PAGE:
ARCHAIC NEANDERTHAL FROM SOUTHERN ITALY CALLED ALTAMURA MAN ANALYZED AFTER 20 YEARS AND DEEMED THE OLDEST NEANDERTHAL EVER FOUND
Altamura Man was discovered in a cave in southern Italy in 1993 by cave explorers. The finding was reported to researchers at the University of Bari. The remains were embedded in rock and were covered in a thick layer of calcite
It was thought that excavating the remains would cause irreparable damage and thus, they have remained in situ for over twenty years, leaving researchers to rely on casual observation for their studies. For that reason, there was some debate initially about morphology and age. Subsequent study led to a consensus that the remains (only the head and part of a shoulder are visible) were that of an archaic Neanderthal, of a Homo genus believed to have been widespread in Europe 200,000 to 40,000 years ago.
The researchers with the current project began their work six years ago—a tiny part of shoulder bone (and stalactite fragments) was extracted and brought back to the lab for study. Analysis by Uranium-thorium dating revealed that the calcite was formed 172,000 to 130,000 years ago—during the penultimate quaternary glaciations period. The team also reports that samples of DNA have also been retrieved from the sample, and because of the age, represent the oldest such samples ever recovered from Neanderthal remains.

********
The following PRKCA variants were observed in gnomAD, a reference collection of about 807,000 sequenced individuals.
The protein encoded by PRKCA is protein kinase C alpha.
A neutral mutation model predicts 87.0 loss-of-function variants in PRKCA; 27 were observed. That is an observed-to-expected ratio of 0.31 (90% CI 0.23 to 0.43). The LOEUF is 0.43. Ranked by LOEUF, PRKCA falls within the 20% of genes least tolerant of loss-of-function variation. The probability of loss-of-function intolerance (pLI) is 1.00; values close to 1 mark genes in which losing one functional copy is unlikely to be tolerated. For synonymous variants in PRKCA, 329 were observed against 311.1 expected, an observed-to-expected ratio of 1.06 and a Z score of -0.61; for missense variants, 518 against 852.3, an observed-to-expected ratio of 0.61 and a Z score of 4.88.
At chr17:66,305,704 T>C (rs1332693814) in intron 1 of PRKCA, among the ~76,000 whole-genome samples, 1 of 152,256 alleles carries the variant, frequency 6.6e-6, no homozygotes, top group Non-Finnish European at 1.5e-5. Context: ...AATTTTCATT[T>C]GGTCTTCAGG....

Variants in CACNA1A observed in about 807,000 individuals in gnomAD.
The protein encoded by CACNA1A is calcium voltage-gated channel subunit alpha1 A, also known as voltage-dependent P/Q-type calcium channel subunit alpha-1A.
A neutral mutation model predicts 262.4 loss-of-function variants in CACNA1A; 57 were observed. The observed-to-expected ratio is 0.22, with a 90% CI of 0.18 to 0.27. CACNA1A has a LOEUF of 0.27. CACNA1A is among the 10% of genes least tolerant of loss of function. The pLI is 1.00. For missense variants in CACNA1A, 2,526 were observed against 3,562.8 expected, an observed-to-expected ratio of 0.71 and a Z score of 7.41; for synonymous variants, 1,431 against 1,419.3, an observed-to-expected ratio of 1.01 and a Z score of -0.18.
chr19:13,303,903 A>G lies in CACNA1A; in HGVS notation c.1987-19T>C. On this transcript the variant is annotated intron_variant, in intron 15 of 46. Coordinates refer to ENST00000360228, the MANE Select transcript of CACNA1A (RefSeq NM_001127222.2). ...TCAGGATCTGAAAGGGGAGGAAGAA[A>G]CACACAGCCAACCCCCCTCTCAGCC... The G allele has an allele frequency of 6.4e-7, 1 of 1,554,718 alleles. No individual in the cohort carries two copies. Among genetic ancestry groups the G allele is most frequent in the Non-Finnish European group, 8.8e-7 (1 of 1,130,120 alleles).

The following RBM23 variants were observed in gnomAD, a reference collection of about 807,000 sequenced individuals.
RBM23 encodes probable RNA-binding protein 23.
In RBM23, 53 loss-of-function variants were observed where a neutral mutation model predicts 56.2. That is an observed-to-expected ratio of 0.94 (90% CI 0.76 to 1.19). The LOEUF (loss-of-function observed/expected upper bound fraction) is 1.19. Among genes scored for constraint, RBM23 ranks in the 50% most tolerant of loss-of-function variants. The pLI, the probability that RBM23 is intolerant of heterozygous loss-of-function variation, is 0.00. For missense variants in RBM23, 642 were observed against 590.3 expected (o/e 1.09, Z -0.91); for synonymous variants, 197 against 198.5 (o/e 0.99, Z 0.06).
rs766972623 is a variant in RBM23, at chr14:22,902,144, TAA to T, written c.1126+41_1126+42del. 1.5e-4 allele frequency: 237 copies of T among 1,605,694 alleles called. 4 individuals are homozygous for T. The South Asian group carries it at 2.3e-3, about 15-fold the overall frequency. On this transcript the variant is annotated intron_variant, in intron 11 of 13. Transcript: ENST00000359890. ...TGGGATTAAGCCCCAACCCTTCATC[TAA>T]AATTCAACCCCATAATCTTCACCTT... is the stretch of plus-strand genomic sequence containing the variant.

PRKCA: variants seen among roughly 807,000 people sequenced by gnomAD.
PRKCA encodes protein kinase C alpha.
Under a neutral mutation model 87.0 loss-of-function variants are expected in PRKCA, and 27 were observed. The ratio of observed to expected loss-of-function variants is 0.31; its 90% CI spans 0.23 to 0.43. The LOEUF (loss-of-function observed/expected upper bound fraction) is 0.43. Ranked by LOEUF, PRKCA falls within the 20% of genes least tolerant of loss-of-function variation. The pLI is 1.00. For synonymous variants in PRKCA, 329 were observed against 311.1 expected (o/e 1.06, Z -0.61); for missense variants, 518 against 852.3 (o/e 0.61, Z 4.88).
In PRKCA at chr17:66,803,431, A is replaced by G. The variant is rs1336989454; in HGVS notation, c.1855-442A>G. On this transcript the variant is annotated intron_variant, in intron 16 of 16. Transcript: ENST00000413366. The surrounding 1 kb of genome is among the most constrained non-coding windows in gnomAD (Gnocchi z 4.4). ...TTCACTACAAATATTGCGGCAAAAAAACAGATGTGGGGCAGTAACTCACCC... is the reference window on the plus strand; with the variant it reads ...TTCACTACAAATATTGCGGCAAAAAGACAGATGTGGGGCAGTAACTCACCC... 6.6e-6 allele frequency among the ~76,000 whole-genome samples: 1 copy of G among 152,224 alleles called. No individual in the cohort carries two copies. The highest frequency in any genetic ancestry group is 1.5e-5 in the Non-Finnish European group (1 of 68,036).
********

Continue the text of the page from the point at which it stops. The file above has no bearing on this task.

It is believed that Altamura Man wound up in such a peculiar spot after falling in a well and getting stuck—it is assumed he starved to death, or died from lack of water intake. The researchers next plan to test the DNA sample to see if it can be sequenced—if so, they are hopeful it might reveal new details about the evolution of hominids in general and perhaps more about the early history of the Neanderthal.
Read more at: http://phys.org/news/2015-04-altamura-yields-oldest-neanderthal-dna.html#jCp